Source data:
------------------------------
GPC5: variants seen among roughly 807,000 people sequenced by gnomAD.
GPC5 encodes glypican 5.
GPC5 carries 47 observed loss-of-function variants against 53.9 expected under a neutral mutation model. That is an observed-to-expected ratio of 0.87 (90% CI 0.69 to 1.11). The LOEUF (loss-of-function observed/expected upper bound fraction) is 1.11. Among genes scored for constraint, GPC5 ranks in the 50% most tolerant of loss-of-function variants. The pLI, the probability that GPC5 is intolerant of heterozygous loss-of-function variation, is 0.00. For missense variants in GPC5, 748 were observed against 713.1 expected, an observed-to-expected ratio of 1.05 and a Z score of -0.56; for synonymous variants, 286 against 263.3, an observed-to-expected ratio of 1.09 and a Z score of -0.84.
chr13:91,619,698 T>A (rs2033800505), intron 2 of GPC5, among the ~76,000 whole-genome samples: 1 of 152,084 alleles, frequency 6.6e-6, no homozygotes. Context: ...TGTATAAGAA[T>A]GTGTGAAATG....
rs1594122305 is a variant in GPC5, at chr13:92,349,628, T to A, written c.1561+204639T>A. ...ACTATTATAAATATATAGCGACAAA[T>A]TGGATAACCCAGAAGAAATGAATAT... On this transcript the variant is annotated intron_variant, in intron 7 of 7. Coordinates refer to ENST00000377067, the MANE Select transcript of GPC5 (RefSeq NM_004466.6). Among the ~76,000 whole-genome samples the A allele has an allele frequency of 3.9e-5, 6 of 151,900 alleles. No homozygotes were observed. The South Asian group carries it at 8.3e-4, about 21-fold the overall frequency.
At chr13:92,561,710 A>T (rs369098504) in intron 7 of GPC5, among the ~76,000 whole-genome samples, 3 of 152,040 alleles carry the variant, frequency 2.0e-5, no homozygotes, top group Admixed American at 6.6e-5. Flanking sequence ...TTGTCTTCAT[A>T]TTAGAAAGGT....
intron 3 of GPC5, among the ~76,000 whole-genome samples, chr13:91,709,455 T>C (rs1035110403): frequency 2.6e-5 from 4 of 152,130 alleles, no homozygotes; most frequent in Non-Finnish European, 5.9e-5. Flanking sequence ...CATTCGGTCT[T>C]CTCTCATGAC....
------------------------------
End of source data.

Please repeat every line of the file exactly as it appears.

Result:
GPC5: variants seen among roughly 807,000 people sequenced by gnomAD.
GPC5 encodes glypican 5.
GPC5 carries 47 observed loss-of-function variants against 53.9 expected under a neutral mutation model. That is an observed-to-expected ratio of 0.87 (90% CI 0.69 to 1.11). The LOEUF (loss-of-function observed/expected upper bound fraction) is 1.11. Among genes scored for constraint, GPC5 ranks in the 50% most tolerant of loss-of-function variants. The pLI, the probability that GPC5 is intolerant of heterozygous loss-of-function variation, is 0.00. For missense variants in GPC5, 748 were observed against 713.1 expected, an observed-to-expected ratio of 1.05 and a Z score of -0.56; for synonymous variants, 286 against 263.3, an observed-to-expected ratio of 1.09 and a Z score of -0.84.
chr13:91,619,698 T>A (rs2033800505), intron 2 of GPC5, among the ~76,000 whole-genome samples: 1 of 152,084 alleles, frequency 6.6e-6, no homozygotes. Context: ...TGTATAAGAA[T>A]GTGTGAAATG....
rs1594122305 is a variant in GPC5, at chr13:92,349,628, T to A, written c.1561+204639T>A. ...ACTATTATAAATATATAGCGACAAA[T>A]TGGATAACCCAGAAGAAATGAATAT... On this transcript the variant is annotated intron_variant, in intron 7 of 7. Coordinates refer to ENST00000377067, the MANE Select transcript of GPC5 (RefSeq NM_004466.6). Among the ~76,000 whole-genome samples the A allele has an allele frequency of 3.9e-5, 6 of 151,900 alleles. No homozygotes were observed. The South Asian group carries it at 8.3e-4, about 21-fold the overall frequency.
At chr13:92,561,710 A>T (rs369098504) in intron 7 of GPC5, among the ~76,000 whole-genome samples, 3 of 152,040 alleles carry the variant, frequency 2.0e-5, no homozygotes, top group Admixed American at 6.6e-5. Flanking sequence ...TTGTCTTCAT[A>T]TTAGAAAGGT....
intron 3 of GPC5, among the ~76,000 whole-genome samples, chr13:91,709,455 T>C (rs1035110403): frequency 2.6e-5 from 4 of 152,130 alleles, no homozygotes; most frequent in Non-Finnish European, 5.9e-5. Flanking sequence ...CATTCGGTCT[T>C]CTCTCATGAC....